There are things that men used to know about themselves which have largely been forgotten in a world where office-based desk jobs are more common than opportunities to explore.
To me, the most fascinating, and possibly the most crucial is that of knowing how to go it alone. Knowing how to trust your own instincts and abilities and having the steely-minded determination to see things through even when your more childlike instincts are begging you to run away.
It’s less about courage than appropriate, learned, self-belief; the knowledge that you’re up to the challenge before you, even though you’ve never faced anything like it, because you’re highly aware of what you can and cannot do.
I recall a story about Charles Lindbergh, the first man to fly solo across the Atlantic Ocean, non-stop from New York to Paris, in 1927. I forget the name of the book it was in, but it was about the psychological impact, both good and bad, on people who have spent either protracted or significant (or both) periods of time totally alone.
Lindbergh’s flight was historic, and he was feted in the years that followed. But the 33.5-hour flight itself included hours upon hours over the hostile wastes of the icy ocean, some of those under cover of total darkness, with no means of communication and no hope of rescue should anything go wrong, fighting fatigue, discomfort and uncertainty.
Mostly what intrigued me however was how things changed once he crossed the halfway mark.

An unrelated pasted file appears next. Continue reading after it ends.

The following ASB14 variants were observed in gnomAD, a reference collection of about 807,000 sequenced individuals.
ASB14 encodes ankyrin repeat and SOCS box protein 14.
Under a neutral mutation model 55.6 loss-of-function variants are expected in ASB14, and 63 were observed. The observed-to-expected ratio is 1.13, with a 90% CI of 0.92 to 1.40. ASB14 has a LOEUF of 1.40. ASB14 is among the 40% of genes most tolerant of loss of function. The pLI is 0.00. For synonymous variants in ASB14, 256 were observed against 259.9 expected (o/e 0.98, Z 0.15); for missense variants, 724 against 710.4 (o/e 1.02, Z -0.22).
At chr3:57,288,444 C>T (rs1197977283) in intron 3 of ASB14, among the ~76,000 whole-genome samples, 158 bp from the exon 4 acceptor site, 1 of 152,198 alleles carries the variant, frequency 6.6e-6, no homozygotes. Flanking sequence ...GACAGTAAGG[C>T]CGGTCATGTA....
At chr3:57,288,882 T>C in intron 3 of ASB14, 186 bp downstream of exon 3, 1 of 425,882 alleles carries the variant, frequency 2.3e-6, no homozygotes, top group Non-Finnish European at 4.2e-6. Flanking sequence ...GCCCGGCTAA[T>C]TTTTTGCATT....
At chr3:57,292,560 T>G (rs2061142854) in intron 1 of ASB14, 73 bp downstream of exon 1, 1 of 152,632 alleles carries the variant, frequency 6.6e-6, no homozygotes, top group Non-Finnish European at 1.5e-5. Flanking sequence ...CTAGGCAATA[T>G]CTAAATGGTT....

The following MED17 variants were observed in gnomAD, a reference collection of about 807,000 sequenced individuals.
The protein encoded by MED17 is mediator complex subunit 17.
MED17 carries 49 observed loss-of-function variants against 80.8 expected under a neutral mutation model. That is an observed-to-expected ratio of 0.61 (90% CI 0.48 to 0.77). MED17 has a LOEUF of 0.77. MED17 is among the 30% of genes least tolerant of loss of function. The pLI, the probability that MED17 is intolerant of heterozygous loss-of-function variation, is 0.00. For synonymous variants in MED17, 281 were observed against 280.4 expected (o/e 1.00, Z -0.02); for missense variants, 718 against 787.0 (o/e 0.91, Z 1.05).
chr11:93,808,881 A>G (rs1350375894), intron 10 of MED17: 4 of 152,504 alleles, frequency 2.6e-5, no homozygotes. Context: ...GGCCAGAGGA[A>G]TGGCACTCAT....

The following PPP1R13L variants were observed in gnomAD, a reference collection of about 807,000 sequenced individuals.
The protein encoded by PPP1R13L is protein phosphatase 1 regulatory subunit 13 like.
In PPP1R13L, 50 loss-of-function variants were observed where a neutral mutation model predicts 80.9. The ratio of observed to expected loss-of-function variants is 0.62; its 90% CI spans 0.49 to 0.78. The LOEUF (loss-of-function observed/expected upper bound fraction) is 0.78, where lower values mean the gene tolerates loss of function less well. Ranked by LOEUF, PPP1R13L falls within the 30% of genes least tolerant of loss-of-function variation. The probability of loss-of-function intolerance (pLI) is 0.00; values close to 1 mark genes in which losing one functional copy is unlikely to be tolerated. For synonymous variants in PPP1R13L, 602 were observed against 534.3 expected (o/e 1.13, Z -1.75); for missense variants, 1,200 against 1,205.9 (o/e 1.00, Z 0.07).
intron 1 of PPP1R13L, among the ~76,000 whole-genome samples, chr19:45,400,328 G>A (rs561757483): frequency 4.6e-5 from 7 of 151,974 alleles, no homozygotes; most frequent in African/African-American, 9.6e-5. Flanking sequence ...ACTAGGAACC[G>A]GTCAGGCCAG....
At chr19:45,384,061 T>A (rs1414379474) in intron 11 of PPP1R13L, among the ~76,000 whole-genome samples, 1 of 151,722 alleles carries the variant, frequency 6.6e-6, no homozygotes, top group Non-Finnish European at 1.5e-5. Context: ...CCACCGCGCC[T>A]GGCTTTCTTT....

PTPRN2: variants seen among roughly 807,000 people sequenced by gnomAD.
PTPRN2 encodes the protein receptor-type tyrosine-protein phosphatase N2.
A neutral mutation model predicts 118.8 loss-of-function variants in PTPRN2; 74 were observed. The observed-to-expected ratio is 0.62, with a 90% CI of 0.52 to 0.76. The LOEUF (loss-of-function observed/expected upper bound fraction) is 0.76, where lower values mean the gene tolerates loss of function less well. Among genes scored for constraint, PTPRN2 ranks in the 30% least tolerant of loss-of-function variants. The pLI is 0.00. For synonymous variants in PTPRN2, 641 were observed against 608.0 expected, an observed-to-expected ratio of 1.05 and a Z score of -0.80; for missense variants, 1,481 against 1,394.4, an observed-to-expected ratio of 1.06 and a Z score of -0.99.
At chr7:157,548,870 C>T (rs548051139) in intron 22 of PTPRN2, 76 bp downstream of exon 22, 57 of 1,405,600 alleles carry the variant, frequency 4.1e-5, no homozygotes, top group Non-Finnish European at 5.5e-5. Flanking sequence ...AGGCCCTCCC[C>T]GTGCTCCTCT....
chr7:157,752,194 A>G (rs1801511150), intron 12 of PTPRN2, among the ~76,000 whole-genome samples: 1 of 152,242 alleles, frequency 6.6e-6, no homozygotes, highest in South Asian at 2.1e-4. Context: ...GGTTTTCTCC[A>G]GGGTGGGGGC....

Up until that point, he always had the option of turning back. Beyond that point however, his choice was made. He was committed. It was only forward. From that moment on, the slightest change in the throb of the engine, the position of the needle on the oil pressure gauge, the fuel meter, the wind or the weather might provide a sudden and final warning that his adventure was up. It was a matter of hanging on through clenched teeth and sheer bloody-mindedness. By the time he crossed the coast of Ireland he had been awake for 48 hours, 24 of those airborne.
Once he crossed halfway, it was just him and the machine, and he had to be able to completely trust both.
In that famous flight, Lindbergh revealed two important things:
1) You can stretch. And then you can streeeeeetch. And you can really throw as many ‘ee’s into that as you want to drive the point home. For years, Lindbergh had been a mail pilot, and the mail was usually flown solo through the night skies over the United States. Flying across the Atlantic was just a matter of applying what he knew, to a bigger stage. He knew that he knew how to do it. He just had to stretch what he knew to wrap it around the bigger task at hand.
2) If you believe in yourself, you can go all-in. Lindbergh didn’t take a co-pilot though the prize for which he was competing didn’t specify he needed to fly solo. He also didn’t take a radio though it would have given him at least some opportunity to signal his whereabouts should something go wrong. He chose to forgo those things because it would let him swap the weight of a second human and of a radio, for extra fuel. He knew his capabilities wouldn’t be the inhibitor to his success because they were sufficient. A lack of gas might though. When you know your abilities well enough, you can upsize your risks.
But as darkness fell over the mid-Atlantic, the solo airman proved what for me is the most important thing of all: with appropriate self-belief and self-understanding, there’s little limit to the scope of the adventures you can have.